You have to wait for gravity for your cappings either way...

>My question:  What do you all think about using a cappings spinner like this one?  It's kind of pricey but in theory it seems like it would work fine.  Ideas?  Suggestions?

Why not extract?  That's what I do with foundationless...

http://www.bushfarms.com/beesfoundationless.htm#extract

My website:  bushfarms.com/bees.htm en espanol: bushfarms.com/es_bees.htm  auf deutsche: bushfarms.com/de_bees.htm  em portugues:  bushfarms.com/pt_bees.htm
My book:  ThePracticalBeekeeper.com
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"Everything works if you let it."--James "Big Boy" Medlin

Offline 2Sox

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Re: Substitute for "Crush and Strain"?
« Reply #6 on: June 15, 2015, 09:08:43 pm »

You have to wait for gravity for your cappings either way...

Why not extract?  That's what I do with foundationless...

http://www.bushfarms.com/beesfoundationless.htm#extract

Thanks for your feedback Michael. 

I've considered using an extractor but then I'd have another kind of comb storage problem.   Right now, I feed the mash back to the bees and they do a good job of taking it up.  If I extracted, I'd probably spend the same amount of time setting out the frames for the bees to clean up.  My storage problem now is that I need to store the cleaned wax mash, along with old combs in 55 gallon pails with Para Moth - so it seems whichever way I choose, I still have a wax storage problem

I'm really not sure what would be the most efficient thing for me to do at this point.  I'm getting older and I just want to make things simpler.

I realize that I have to wait for gravity for cappings too.  But not with a spinner. 

Right now, I'm using a double bucket system (several) and one of these with a filter bag inside - which seems to process more material.
http://www.brushymountainbeefarm.com/Multi-Use-Straining-System/productinfo/295/

I'm thinking of ordering another one.
"Good will is the desire to have something else stronger and more beautiful for this desire makes oneself stronger and more beautiful." - Eli Siegel, American educator, poet, founder of Aesthetic Realism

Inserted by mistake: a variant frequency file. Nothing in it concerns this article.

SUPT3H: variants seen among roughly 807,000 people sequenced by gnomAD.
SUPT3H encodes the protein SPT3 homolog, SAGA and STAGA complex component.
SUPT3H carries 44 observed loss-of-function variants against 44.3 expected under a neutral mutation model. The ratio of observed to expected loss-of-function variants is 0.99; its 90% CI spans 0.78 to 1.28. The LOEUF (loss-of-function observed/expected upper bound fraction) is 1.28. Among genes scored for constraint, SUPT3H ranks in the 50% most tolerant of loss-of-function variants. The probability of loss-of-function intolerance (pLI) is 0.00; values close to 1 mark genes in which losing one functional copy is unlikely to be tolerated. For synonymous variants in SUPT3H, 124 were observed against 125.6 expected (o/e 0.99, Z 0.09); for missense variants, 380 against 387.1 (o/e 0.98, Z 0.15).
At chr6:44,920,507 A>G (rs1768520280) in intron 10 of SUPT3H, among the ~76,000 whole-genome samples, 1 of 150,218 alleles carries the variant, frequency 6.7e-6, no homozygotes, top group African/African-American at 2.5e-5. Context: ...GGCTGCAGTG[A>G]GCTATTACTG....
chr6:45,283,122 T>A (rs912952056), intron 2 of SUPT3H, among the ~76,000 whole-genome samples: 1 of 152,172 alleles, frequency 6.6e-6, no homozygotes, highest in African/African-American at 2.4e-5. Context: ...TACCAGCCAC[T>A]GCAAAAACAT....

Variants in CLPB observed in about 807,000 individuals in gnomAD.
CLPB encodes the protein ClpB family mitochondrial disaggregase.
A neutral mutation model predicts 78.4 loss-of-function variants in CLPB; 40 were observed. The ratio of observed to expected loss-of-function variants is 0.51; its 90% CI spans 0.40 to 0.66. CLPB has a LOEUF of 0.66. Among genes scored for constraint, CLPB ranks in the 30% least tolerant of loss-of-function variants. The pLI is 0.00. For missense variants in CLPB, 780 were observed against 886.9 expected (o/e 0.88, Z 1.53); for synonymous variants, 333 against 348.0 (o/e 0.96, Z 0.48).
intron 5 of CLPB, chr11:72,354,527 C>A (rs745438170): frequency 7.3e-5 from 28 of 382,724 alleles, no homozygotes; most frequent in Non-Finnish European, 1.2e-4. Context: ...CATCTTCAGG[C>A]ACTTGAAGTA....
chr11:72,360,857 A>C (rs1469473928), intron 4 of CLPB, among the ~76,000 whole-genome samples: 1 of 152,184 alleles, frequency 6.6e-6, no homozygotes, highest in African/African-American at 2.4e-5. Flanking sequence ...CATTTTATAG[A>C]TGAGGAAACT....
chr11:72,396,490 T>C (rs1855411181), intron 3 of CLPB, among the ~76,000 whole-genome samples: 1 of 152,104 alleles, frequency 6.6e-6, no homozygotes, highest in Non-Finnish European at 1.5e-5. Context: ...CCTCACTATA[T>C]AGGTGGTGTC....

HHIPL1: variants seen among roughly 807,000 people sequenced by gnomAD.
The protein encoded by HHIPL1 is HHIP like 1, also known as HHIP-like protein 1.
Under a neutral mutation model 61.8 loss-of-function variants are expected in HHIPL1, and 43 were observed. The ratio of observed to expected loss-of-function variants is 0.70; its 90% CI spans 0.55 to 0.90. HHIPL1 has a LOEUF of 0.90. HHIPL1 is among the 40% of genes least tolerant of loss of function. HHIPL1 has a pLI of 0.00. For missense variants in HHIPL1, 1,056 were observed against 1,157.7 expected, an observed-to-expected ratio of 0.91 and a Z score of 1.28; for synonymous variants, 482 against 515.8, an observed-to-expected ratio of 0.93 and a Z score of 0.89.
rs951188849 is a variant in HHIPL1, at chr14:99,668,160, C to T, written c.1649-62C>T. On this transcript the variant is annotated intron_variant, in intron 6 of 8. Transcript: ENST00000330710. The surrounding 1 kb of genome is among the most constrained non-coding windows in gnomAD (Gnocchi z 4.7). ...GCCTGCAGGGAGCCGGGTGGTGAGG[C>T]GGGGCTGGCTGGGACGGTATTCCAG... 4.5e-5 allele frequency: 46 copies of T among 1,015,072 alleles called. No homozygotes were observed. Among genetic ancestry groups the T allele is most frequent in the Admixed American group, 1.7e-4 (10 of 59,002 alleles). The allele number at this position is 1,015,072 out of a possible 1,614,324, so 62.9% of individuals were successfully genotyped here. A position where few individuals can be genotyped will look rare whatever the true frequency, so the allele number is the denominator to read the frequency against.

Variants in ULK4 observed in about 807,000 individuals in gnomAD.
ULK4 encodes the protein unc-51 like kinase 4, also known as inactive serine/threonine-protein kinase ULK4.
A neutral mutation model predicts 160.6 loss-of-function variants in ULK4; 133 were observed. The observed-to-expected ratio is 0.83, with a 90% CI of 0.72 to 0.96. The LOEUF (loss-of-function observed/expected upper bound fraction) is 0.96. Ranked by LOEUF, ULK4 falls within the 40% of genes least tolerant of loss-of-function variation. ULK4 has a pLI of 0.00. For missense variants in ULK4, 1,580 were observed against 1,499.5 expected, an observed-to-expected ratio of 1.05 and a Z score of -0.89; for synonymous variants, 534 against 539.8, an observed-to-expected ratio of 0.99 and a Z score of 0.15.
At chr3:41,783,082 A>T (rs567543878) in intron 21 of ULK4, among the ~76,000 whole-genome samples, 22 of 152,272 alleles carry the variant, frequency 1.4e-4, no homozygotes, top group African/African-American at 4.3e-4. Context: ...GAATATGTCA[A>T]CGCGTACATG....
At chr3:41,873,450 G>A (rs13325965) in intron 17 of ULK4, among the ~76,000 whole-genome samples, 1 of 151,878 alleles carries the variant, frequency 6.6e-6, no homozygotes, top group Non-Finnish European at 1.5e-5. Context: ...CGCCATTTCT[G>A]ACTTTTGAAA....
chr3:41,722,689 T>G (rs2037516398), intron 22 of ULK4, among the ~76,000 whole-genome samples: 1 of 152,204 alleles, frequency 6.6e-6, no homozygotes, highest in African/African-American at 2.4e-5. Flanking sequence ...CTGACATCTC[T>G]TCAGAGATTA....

Offline tjc1

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Re: Substitute for "Crush and Strain"?
« Reply #7 on: June 15, 2015, 11:46:23 pm »
Sorry I misunderstood that you want to keep doing crush and strain and just want a away to clean the wax...

Offline Michael Bush

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Re: Substitute for "Crush and Strain"?
« Reply #8 on: June 16, 2015, 08:18:54 am »
It's no more work one way or the other.  Crush and strain and extracting are just as messy and just as much work other than protecting the comb from wax moths.  But having drawn comb is a big benefit.  Not one that I think is worth the cost of the extractor unless you have quite a few hives, but still a benefit.  For the same cost you could have drawn comb...
My website:  bushfarms.com/bees.htm en espanol: bushfarms.com/es_bees.htm  auf deutsche: bushfarms.com/de_bees.htm  em portugues:  bushfarms.com/pt_bees.htm
My book:  ThePracticalBeekeeper.com
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Offline Wombat2

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Re: Substitute for "Crush and Strain"?
« Reply #9 on: June 17, 2015, 07:35:27 pm »
This how I do my manual extraction but I now have a radial extractor. This way leaves the foundation intact. Inside the tub is a mesh wardrobe drawer that fits nicely and does the initial strain/drain of the wax - there is a gate valve at the bottom front of the tube to drain the honey

http://youtu.be/FVbFuhVyFOA

The capping strainer

http://www.youtube.com/watch?v=Dee9j0wd1hU
« Last Edit: June 17, 2015, 07:47:55 pm by Wombat2 »
David L